• The paper about the dimming effect of titanium monoxide forming in Mira's atmosphere is M. J. Reid and J. E. Goldston: How Mira Variables Change Visual Light by a Thousandfold, The Astrophysical Journal 568 (2002) 931-938 (available online for free)
  • A comprehensive history of Mira is Dorrit Hoffleit: History of Mira's Discovery, online from the AAVSO.



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13 comments:

dark-matter said...

Mira is interesting. How about the Huge Hole in the Universe discovery?

http://www.space.com/scienceastronomy/070823_huge_hole.html

This hole, discovered from CMB data analysis, does not even contain dark matter. Which, unlike Mira, may have new implications in fundamental physics. Just wondering why you pick Mira and not the Big Hole.

Francis Caestecker said...

Oeew oeh! The hole :D. I'm looking forward to that too ;).

Anyways, nice and educating article! *thumps up*

Bee said...

Thanks for that marvellous post :-) Mira is a beautiful name. Now look how they name things nowadays. Wimpzilla? Sfermion? Unparticles? The only thing that comes into my mind with a somewhat poetical appeal is 'rainbow gravity', the poety of which however seems to be borrowed from Gravity's Rainbow (and for some theories on where this title comes from, see here)

stefan said...

Hi dark-matter, francis:


ah, the big black void... thank's for the hint. I've so far only found the original press release, and lots of paraphrasing that text in other reports - the paper is arXiv:0704.0908v2.

Just wondering why you pick Mira and not the Big Hole.

I usually don't have time to write longer posts like this one within one day or two - this is usually not a "latest news" blog.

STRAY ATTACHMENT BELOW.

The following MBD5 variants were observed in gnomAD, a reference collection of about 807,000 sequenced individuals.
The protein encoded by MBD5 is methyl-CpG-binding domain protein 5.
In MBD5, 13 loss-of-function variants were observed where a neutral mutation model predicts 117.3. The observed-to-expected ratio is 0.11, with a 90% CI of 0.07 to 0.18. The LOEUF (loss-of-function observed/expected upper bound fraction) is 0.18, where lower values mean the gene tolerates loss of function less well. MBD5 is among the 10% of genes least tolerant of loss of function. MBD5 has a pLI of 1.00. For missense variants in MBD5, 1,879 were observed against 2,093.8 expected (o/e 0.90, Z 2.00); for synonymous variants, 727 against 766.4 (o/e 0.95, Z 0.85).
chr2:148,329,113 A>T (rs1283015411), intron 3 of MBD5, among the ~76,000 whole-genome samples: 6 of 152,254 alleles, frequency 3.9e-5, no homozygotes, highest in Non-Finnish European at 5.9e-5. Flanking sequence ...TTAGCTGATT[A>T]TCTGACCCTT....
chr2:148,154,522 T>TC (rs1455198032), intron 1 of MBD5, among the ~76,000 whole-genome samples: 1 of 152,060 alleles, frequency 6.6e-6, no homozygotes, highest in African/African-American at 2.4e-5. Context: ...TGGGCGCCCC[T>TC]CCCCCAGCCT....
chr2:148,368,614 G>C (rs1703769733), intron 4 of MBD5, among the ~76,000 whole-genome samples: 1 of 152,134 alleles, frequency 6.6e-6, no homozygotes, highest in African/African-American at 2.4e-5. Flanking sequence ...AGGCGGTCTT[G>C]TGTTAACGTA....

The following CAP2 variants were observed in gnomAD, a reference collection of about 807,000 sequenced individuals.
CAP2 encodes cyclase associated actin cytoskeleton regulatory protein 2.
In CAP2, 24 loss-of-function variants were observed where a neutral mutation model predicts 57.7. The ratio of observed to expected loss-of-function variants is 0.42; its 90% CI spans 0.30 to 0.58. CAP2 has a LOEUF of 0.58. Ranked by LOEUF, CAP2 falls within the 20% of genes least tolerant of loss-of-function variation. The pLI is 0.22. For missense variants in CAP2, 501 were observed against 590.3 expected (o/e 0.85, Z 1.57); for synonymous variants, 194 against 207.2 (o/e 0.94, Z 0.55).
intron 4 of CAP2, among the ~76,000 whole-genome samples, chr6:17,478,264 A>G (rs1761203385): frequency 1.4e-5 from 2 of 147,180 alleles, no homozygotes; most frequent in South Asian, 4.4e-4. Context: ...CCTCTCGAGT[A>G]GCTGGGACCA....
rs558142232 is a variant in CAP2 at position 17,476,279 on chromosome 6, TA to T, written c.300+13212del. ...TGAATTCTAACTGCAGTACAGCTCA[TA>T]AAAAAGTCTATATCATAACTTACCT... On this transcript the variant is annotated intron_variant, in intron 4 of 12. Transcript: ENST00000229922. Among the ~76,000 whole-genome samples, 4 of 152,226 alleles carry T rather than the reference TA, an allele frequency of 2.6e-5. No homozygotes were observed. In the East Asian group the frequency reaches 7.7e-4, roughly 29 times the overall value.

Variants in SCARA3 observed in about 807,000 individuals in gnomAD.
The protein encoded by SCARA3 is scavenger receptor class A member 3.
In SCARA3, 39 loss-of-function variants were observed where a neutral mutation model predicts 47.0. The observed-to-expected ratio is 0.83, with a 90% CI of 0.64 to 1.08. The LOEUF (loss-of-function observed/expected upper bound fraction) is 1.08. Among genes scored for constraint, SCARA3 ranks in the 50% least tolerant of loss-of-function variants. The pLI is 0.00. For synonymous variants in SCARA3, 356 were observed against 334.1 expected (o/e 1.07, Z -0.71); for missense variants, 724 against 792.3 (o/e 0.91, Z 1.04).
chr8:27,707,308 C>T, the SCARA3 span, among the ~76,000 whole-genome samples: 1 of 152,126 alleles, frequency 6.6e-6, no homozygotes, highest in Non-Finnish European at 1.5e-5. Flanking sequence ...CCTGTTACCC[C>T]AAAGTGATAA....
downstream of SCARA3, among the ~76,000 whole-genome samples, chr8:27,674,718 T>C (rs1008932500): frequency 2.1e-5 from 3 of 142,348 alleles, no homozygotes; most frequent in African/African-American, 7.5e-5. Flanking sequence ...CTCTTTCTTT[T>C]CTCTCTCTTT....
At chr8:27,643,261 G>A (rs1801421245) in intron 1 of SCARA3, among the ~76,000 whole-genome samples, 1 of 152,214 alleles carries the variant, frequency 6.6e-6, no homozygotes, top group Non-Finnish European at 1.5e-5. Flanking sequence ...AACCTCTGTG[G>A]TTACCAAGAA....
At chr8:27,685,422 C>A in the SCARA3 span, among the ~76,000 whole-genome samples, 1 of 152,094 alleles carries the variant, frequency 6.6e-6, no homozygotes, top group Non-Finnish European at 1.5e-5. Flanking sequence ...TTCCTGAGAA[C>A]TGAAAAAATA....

Moreover, you may have noticed that the point (at least, that was my intention) of the post is that Mira is a star you can see appear in the sky every 330 days or so with the naked eye, without any technological help. I knew a bit about Mira before, and always had wanted to see it show up in the night sky ... this news about the tail was a good motivation to write about this, and indeed, I plan to have an eye at Mira this late fall ;-).

The situation with the cold spot is much more complicated, observations so far seem to be (please correct me if I am wrong) with microwaves and radio only, and you need quite an involved statistical analysis before you can guess that a big void may be the best explanation of the data.

And I guess comments should be best by people who know more about the integrated Sachs-Wolf effect than just the name ;-)


Best, stefan

stefan said...

Dear Bee,

Mira is a beautiful name. Now look how they name things nowadays. Wimpzilla? Sfermion? Unparticles?

Mira is a beautiful name indeed! And "rainbow gravity", that's poetic.

Maybe people should know more Latin. Or read more obscure books such as Finnegan's Wake ;-)

Best, stefan

dark-matter said...

Stefan,
Thanks. Do enjoy reading Mira. Suspect this Huge Hole thing may become more important after further analysis at which point you might wish to say something. The CMB is far more revealing than once thought.